Millen’s in charge, as Palace’s search for a manager continues

Here we go again.

Moody and Mackay: not re-united at Palace

Moody and Mackay: not re-united at Palace

Crystal Palace fans who recall the month-long hokey-cokey managerial appointment “process” at Selhurst last November will have despaired yesterday afternoon, as it emerged that Malcolm “Malky” Mackay was not going to be appointed as the club’s new boss in a relatively smooth and efficient matter.

Matters are worse than that, though. Much worse.

A week ago, Steve Parish, the Palace co-chairman, was having a lengthy meeting with the Manager of the Year, Tony Pulis, about whether he could be allowed to run his own transfer policy. This morning, Parish must wondering whether the “high regard” he is supposed to have for his “sporting director” Iain Moody, a former Cardiff City employee, is well-founded.

It is reasonable to assume that when reviewing the separate job applications of first Moody and then Mackay, Parish will not have obtained any references from their previous employer, Vincent Tan.

Earlier this week, the FA handed down a seemingly insignificant £25,000 fine to the south London club, up-holding Cardiff’s complaint that Palace had obtained their opposition’s starting line-up ahead of their league match last April. That ruling took on far greater importance yesterday.

Vincent Tan, Cardiff’s owner – who dismissed first Moody and then Mackay in some acrimony last year – has now filed a dossier of complaints against Palace, including a legal claim for lost earnings as a consequence of his club’s relegation from the Premier League which could be worth £20 million (never mind the legal costs of contesting it).

Today’s Daily Mail reports many of the dossier’s more lurid claims, which centre on the conduct of Moody and Mackay while working together at Cardiff as “head of recruitment” and manager respectively. Central to the investigation is £50-million-worth of transfer business conducted last summer. The pair have been reported to the FA. Palace appear to have had sight of the Cardiff dossier just before they signed a three-year contract with Mackay to become their club manager.

Much is to be revealed over the coming days and months, but what we do know for certain now is:

  • caretaker manager Keith Millen is taking the session at the Beckenham training ground this morning, will front up today’s press conference ahead of Saturday’s home game against West Ham, and that he will be in charge for that fixture.
  • Tim Sherwood, the former Spurs manager, despite being so thoroughly discarded as second-choice to Moody’s mate, Mackay, earlier this week, remains the bookies’ favourite to get the job at Selhurst Park.
  • Glenn Hoddle says he doesn’t fancy the job much now.
  • There’s now only nine full working days before the close of the transfer window for a new manager to secure any signings.
  • That £25 million transfer fund? It might be needed for other things.

Parish has to start his search for a new manager all over again. Whoever gets the job will be Palace’s fourth manager inside 10 months. Parish may now be considering other senior appointments at Selhurst Park, too.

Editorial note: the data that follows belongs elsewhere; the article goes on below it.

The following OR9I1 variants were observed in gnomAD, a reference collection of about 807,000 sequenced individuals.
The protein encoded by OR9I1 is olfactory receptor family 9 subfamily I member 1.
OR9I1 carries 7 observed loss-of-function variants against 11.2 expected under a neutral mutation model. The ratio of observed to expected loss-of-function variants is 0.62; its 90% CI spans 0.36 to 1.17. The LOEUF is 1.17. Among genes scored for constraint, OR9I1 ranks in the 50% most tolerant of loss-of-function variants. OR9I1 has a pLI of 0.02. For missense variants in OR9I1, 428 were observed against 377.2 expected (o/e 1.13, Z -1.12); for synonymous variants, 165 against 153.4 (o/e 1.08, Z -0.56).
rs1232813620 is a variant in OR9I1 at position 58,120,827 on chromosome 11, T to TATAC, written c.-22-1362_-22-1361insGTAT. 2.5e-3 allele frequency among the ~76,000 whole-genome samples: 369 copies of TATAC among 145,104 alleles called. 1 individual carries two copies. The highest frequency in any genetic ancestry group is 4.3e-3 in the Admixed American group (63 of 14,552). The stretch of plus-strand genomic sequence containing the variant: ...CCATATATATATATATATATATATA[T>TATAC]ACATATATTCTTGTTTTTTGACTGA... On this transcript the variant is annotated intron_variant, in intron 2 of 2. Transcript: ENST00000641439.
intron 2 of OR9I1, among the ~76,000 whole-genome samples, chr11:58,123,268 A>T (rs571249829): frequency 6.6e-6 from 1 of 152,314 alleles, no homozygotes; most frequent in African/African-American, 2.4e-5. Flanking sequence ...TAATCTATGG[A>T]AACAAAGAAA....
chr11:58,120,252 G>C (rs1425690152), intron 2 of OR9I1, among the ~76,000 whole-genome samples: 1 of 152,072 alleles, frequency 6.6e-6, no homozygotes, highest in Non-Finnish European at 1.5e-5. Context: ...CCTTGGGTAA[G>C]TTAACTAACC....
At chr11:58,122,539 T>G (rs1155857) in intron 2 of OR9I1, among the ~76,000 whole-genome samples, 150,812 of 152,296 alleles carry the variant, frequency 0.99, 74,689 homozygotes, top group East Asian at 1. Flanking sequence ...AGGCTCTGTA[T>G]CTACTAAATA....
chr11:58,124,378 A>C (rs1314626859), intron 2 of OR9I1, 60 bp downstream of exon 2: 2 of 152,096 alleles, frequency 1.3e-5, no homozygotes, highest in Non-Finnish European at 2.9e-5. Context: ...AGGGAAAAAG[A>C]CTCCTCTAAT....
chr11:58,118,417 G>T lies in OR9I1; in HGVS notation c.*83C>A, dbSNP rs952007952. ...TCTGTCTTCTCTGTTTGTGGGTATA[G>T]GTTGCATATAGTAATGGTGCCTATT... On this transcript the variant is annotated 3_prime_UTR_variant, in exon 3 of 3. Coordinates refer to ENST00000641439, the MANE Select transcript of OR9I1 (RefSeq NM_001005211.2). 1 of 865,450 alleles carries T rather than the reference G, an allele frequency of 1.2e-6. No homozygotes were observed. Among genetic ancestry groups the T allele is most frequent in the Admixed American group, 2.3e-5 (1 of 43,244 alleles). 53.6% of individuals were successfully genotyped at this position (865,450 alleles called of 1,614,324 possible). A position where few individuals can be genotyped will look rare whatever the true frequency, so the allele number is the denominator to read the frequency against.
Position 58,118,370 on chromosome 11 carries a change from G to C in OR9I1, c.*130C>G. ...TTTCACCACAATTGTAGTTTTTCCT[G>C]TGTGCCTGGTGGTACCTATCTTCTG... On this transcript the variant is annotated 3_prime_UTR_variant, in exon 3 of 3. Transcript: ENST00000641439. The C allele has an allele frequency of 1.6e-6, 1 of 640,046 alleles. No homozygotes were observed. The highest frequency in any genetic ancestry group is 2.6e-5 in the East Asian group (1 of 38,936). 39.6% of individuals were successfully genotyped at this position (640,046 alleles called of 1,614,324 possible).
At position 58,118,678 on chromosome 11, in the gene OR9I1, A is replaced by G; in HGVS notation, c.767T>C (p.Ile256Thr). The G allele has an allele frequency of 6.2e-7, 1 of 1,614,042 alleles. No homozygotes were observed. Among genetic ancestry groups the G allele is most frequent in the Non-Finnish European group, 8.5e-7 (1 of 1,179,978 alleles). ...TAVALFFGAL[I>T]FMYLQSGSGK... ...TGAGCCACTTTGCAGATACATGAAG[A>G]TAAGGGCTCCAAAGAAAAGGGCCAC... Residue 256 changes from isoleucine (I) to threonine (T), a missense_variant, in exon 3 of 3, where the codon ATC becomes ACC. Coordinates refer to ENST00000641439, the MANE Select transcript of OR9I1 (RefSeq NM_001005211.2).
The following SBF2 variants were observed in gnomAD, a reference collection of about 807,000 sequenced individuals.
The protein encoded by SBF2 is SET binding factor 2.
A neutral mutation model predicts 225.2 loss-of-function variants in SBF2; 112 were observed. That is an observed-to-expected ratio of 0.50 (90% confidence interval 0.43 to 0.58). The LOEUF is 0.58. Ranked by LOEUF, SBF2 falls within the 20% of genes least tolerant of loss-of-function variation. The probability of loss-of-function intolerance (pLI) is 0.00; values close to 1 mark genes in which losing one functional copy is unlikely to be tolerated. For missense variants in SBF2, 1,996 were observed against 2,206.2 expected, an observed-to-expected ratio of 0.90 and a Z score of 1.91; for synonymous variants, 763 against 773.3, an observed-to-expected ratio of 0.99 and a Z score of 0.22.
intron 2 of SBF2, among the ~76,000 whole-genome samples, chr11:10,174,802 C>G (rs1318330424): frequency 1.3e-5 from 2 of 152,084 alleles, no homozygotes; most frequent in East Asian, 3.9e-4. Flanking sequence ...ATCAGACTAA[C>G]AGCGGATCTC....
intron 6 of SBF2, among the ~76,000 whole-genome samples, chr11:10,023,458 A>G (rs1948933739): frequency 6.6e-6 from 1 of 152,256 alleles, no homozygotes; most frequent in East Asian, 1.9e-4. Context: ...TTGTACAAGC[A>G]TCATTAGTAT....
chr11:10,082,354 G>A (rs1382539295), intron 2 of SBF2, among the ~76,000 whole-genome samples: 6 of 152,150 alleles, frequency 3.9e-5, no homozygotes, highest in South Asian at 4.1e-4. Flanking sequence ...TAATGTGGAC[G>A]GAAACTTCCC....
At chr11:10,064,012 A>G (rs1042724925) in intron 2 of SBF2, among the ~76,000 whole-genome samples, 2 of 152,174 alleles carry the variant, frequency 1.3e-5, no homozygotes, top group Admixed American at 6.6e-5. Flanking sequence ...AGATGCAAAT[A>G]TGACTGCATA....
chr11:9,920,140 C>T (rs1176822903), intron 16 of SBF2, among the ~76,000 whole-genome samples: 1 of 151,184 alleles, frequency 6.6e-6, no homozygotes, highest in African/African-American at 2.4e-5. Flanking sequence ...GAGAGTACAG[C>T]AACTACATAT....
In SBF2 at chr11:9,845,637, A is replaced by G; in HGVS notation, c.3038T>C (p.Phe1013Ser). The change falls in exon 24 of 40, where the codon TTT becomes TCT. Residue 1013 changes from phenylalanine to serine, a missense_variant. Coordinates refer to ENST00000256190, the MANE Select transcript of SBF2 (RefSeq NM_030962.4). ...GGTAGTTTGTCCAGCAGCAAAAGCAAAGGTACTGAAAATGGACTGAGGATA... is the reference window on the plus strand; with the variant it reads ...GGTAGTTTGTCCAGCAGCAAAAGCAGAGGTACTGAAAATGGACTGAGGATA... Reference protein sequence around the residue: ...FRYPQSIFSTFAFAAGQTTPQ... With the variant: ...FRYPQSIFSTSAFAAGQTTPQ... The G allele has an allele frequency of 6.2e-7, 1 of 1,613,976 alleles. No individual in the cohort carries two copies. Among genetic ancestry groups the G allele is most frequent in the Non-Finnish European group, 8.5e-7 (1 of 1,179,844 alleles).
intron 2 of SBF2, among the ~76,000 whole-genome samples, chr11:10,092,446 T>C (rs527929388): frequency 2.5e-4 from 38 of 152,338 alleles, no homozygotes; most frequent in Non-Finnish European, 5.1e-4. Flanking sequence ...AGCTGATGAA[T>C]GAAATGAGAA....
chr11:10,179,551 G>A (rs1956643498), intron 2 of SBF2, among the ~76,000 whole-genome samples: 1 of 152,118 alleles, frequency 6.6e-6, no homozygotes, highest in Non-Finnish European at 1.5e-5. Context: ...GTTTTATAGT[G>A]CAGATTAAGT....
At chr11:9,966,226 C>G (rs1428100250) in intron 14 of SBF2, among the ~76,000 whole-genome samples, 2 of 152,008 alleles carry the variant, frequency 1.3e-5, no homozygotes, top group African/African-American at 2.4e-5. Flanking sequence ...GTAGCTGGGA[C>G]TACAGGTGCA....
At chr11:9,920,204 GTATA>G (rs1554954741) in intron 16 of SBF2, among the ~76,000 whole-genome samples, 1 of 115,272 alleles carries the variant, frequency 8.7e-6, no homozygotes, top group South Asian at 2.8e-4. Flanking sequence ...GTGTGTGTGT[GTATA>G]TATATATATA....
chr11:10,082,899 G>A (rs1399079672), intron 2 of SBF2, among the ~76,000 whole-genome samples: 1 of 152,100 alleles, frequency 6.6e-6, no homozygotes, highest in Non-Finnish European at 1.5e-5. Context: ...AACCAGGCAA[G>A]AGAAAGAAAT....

Questions over Palace’s appointment of Mackay, and Moody’s role in it, began to arise almost as soon as it was being presented as a done-deal, with some close to Cardiff flagging up the remaining issues between City and their former, and previously generally well-regarded, manager.

Centre of attention: Keith Millen continues to be in charge of Palace playing matters, including today's pre-match presser

Centre of attention: Keith Millen continues to be in charge of Palace playing matters, including today’s pre-match presser

Moody’s career in football began as a translator for the Italy team at Euro 96, and saw him work for a spell as a website football reporter before joining the south London management agency run by Athole Still.

Through the agency’s work with international opera stars, Moody’s fluent Italian would have been very useful, as it would in working with the various footballers on Still’s books, including Gianluca Vialli and the former Selhurst favourite, Attillio Lombardo.

In 2005, Moody moved to Watford to become the club’s press officer, which was where he first worked with Mackay.

After Mackay’s dismissal by Cardiff in December last year, the Scot started a £7.5 million legal claim against club owner Tan for compensation and wrongful dismissal. In May 2014, Mackay abandoned the action. “I did not want to be in litigation and believe that it is in the best interests of all parties to have a clean break and move on,” Mackay said at that time.

Mackay will have known by then that, in March this year, Cardiff’s lawyers had obtained a High Court search order to gain access to the Balham home of Moody. There they seized thousands of documents, phone and computer records as part of the investigation into eight transfers carried out by the club last summer, following their promotion to the Premier League.

Given that, the second part of Mackay’s statement six months ago when he dropped his own legal action against Tan takes on a different context: “The club’s owner Mr Vincent Tan invested heavily in the club and supported our decisions in our push for promotion to the Premier League. Without him this would not have been possible. If I have caused any offence to anyone during this time, especially to Vincent Tan, then I apologise without reservation.”

Keith Millen is 6/1 with Ladbrokes to be the next permanent manager of Crystal Palace.

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1 Response to Millen’s in charge, as Palace’s search for a manager continues

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